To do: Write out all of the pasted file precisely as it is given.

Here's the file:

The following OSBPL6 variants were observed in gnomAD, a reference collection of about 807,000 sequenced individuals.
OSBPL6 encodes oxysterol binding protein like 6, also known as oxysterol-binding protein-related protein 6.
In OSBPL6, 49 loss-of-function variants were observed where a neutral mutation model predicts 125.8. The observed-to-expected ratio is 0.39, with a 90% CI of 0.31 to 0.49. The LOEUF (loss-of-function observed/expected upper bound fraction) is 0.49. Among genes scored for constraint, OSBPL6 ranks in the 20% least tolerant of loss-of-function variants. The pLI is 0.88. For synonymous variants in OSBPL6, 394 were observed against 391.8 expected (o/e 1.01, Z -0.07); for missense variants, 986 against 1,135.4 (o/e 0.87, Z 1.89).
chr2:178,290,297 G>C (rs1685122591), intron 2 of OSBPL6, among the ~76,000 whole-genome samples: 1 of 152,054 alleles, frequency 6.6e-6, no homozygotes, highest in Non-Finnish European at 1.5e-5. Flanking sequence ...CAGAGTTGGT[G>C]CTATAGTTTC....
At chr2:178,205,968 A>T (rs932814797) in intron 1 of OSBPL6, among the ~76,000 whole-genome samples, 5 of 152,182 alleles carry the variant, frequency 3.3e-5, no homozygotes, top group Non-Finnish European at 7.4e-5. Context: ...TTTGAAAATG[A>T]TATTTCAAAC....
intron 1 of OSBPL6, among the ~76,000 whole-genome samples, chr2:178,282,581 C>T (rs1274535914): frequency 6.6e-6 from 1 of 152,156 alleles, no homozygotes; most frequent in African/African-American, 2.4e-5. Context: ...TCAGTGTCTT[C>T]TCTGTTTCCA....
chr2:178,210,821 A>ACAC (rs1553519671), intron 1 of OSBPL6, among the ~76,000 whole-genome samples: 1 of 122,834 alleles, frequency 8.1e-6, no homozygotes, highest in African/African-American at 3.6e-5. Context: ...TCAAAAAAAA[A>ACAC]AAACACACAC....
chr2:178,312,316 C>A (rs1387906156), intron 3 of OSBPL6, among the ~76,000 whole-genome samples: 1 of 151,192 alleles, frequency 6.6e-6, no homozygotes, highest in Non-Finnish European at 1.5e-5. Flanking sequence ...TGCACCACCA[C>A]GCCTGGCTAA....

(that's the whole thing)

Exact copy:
The following OSBPL6 variants were observed in gnomAD, a reference collection of about 807,000 sequenced individuals.
OSBPL6 encodes oxysterol binding protein like 6, also known as oxysterol-binding protein-related protein 6.
In OSBPL6, 49 loss-of-function variants were observed where a neutral mutation model predicts 125.8. The observed-to-expected ratio is 0.39, with a 90% CI of 0.31 to 0.49. The LOEUF (loss-of-function observed/expected upper bound fraction) is 0.49. Among genes scored for constraint, OSBPL6 ranks in the 20% least tolerant of loss-of-function variants. The pLI is 0.88. For synonymous variants in OSBPL6, 394 were observed against 391.8 expected (o/e 1.01, Z -0.07); for missense variants, 986 against 1,135.4 (o/e 0.87, Z 1.89).
chr2:178,290,297 G>C (rs1685122591), intron 2 of OSBPL6, among the ~76,000 whole-genome samples: 1 of 152,054 alleles, frequency 6.6e-6, no homozygotes, highest in Non-Finnish European at 1.5e-5. Flanking sequence ...CAGAGTTGGT[G>C]CTATAGTTTC....
At chr2:178,205,968 A>T (rs932814797) in intron 1 of OSBPL6, among the ~76,000 whole-genome samples, 5 of 152,182 alleles carry the variant, frequency 3.3e-5, no homozygotes, top group Non-Finnish European at 7.4e-5. Context: ...TTTGAAAATG[A>T]TATTTCAAAC....
intron 1 of OSBPL6, among the ~76,000 whole-genome samples, chr2:178,282,581 C>T (rs1274535914): frequency 6.6e-6 from 1 of 152,156 alleles, no homozygotes; most frequent in African/African-American, 2.4e-5. Context: ...TCAGTGTCTT[C>T]TCTGTTTCCA....
chr2:178,210,821 A>ACAC (rs1553519671), intron 1 of OSBPL6, among the ~76,000 whole-genome samples: 1 of 122,834 alleles, frequency 8.1e-6, no homozygotes, highest in African/African-American at 3.6e-5. Context: ...TCAAAAAAAA[A>ACAC]AAACACACAC....
chr2:178,312,316 C>A (rs1387906156), intron 3 of OSBPL6, among the ~76,000 whole-genome samples: 1 of 151,192 alleles, frequency 6.6e-6, no homozygotes, highest in Non-Finnish European at 1.5e-5. Flanking sequence ...TGCACCACCA[C>A]GCCTGGCTAA....